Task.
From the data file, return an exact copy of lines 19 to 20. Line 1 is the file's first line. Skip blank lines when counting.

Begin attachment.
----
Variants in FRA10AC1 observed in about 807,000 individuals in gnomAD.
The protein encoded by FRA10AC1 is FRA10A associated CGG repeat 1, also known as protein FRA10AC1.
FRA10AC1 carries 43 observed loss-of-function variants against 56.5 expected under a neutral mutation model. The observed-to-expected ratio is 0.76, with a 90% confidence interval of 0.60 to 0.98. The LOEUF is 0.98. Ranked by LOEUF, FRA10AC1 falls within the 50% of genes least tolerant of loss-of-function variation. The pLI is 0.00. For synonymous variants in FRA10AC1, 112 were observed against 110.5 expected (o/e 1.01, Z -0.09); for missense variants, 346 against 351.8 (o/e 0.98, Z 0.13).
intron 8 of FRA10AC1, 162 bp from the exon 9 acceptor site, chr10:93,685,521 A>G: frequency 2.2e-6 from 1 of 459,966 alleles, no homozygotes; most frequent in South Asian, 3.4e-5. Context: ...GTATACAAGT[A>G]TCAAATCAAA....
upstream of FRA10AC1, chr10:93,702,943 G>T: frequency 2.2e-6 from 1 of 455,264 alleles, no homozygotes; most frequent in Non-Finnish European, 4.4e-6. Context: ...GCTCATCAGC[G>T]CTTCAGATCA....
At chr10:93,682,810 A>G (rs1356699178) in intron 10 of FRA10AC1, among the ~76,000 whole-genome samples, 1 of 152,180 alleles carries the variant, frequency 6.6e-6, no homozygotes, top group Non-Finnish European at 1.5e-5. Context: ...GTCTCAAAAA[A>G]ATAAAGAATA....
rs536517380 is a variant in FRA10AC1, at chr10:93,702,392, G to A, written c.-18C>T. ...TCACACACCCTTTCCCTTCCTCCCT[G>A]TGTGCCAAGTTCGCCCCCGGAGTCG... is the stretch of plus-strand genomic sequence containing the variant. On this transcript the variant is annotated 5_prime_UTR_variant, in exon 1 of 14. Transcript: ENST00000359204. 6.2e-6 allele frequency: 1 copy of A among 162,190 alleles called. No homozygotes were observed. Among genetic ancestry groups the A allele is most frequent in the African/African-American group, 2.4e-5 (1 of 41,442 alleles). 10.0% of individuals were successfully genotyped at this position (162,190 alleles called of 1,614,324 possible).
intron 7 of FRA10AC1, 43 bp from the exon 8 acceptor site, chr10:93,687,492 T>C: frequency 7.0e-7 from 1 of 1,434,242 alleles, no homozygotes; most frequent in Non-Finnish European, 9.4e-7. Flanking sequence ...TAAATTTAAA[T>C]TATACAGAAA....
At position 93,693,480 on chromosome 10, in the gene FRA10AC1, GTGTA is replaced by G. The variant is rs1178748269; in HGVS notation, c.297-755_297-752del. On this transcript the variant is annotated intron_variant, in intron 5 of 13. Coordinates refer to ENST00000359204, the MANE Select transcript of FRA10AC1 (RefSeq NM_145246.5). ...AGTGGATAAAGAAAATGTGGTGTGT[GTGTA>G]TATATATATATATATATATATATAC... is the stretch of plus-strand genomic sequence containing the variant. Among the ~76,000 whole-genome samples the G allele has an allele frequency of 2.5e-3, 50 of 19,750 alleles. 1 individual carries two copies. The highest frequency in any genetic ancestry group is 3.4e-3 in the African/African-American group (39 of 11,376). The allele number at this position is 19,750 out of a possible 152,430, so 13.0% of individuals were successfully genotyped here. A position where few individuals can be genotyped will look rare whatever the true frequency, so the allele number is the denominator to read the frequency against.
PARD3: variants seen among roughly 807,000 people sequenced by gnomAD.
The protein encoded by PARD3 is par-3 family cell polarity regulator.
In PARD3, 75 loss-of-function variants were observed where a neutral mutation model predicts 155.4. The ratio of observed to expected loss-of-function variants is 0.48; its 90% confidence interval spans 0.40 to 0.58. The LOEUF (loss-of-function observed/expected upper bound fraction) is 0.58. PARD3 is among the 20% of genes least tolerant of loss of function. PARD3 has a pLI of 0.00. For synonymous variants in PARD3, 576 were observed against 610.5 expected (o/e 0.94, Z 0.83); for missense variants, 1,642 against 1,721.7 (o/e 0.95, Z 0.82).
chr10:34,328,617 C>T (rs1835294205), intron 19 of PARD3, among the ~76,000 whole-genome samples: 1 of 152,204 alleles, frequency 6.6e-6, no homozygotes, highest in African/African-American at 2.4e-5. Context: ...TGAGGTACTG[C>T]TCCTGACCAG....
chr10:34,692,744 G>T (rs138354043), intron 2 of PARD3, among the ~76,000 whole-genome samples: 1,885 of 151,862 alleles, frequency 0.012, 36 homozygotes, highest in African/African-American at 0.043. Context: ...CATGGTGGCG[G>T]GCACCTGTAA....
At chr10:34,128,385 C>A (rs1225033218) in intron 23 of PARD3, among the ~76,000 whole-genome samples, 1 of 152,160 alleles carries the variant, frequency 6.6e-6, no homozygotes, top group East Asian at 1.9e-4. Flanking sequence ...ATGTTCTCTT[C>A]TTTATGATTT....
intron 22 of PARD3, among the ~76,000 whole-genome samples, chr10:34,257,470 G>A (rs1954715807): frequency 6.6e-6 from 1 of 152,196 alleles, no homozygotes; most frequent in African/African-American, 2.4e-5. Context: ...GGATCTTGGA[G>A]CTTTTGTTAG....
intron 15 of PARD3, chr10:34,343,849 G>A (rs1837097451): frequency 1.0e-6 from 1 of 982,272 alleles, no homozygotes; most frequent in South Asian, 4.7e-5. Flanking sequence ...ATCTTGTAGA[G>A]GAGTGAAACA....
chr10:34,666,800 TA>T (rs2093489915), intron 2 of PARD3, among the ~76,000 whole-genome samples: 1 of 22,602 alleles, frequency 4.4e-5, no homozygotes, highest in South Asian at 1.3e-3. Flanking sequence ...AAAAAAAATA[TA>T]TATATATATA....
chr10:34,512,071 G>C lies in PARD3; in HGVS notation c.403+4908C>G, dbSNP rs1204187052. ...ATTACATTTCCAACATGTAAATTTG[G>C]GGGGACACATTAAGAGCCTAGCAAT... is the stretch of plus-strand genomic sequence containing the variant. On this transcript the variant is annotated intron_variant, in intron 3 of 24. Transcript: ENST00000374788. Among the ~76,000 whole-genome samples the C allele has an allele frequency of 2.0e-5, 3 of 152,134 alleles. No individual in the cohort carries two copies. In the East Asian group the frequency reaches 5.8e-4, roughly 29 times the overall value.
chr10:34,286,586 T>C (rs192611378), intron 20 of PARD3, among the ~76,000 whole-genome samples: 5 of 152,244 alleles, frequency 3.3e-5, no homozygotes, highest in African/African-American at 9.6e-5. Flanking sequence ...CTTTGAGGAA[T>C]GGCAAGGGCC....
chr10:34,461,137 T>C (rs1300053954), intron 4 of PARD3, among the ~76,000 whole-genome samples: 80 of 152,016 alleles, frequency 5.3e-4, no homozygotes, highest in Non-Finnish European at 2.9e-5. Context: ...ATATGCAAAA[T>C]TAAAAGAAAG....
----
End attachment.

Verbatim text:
chr10:34,512,071 G>C lies in PARD3; in HGVS notation c.403+4908C>G, dbSNP rs1204187052. ...ATTACATTTCCAACATGTAAATTTG[G>C]GGGGACACATTAAGAGCCTAGCAAT... is the stretch of plus-strand genomic sequence containing the variant. On this transcript the variant is annotated intron_variant, in intron 3 of 24. Transcript: ENST00000374788. Among the ~76,000 whole-genome samples the C allele has an allele frequency of 2.0e-5, 3 of 152,134 alleles. No individual in the cohort carries two copies. In the East Asian group the frequency reaches 5.8e-4, roughly 29 times the overall value.
chr10:34,286,586 T>C (rs192611378), intron 20 of PARD3, among the ~76,000 whole-genome samples: 5 of 152,244 alleles, frequency 3.3e-5, no homozygotes, highest in African/African-American at 9.6e-5. Flanking sequence ...CTTTGAGGAA[T>C]GGCAAGGGCC....